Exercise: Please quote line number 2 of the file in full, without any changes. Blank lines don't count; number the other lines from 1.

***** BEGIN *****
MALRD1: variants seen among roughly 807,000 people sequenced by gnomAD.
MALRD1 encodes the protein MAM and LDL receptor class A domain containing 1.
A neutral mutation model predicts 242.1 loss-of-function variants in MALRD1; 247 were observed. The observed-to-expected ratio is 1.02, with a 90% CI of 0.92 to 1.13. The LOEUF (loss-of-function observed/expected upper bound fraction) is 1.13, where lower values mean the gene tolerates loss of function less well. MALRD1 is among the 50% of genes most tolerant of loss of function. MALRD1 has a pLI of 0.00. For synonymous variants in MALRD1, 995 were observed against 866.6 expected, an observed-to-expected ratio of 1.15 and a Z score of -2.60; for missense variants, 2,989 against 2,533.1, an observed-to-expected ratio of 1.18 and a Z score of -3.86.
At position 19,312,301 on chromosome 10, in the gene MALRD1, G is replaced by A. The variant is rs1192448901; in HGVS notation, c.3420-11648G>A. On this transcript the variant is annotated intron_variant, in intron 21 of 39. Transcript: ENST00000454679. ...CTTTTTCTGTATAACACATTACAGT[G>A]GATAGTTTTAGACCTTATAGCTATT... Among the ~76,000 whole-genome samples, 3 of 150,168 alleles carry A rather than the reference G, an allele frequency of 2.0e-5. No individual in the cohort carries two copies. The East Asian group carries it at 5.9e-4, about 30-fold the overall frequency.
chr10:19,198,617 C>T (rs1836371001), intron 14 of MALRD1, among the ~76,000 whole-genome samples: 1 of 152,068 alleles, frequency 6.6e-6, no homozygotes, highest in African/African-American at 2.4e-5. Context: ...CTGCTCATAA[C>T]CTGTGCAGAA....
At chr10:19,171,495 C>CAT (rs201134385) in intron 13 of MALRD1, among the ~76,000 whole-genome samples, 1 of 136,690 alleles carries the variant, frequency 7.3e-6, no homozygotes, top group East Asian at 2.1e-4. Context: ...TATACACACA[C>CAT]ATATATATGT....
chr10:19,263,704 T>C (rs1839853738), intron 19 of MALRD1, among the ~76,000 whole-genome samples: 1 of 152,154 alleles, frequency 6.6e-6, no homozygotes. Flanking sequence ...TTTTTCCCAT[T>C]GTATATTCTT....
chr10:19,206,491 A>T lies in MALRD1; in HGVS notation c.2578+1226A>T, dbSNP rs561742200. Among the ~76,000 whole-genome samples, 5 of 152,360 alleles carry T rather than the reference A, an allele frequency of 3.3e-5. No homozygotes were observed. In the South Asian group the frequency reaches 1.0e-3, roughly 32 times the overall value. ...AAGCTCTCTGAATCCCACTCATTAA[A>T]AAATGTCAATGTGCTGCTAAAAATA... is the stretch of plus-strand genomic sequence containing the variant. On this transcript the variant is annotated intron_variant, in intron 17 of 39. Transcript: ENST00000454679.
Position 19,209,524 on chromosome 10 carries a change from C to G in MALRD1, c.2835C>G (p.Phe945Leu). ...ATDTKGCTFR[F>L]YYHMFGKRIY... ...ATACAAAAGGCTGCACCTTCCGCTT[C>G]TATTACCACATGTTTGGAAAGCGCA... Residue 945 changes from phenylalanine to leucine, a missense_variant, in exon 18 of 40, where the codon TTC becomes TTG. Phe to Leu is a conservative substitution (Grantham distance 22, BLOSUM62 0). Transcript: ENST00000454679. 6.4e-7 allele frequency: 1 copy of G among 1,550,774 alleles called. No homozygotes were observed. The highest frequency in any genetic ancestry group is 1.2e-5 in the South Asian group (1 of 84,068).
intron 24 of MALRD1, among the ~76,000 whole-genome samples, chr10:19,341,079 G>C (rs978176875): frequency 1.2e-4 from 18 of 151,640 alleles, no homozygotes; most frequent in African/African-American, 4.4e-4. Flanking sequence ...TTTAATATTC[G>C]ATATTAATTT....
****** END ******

MALRD1 encodes the protein MAM and LDL receptor class A domain containing 1.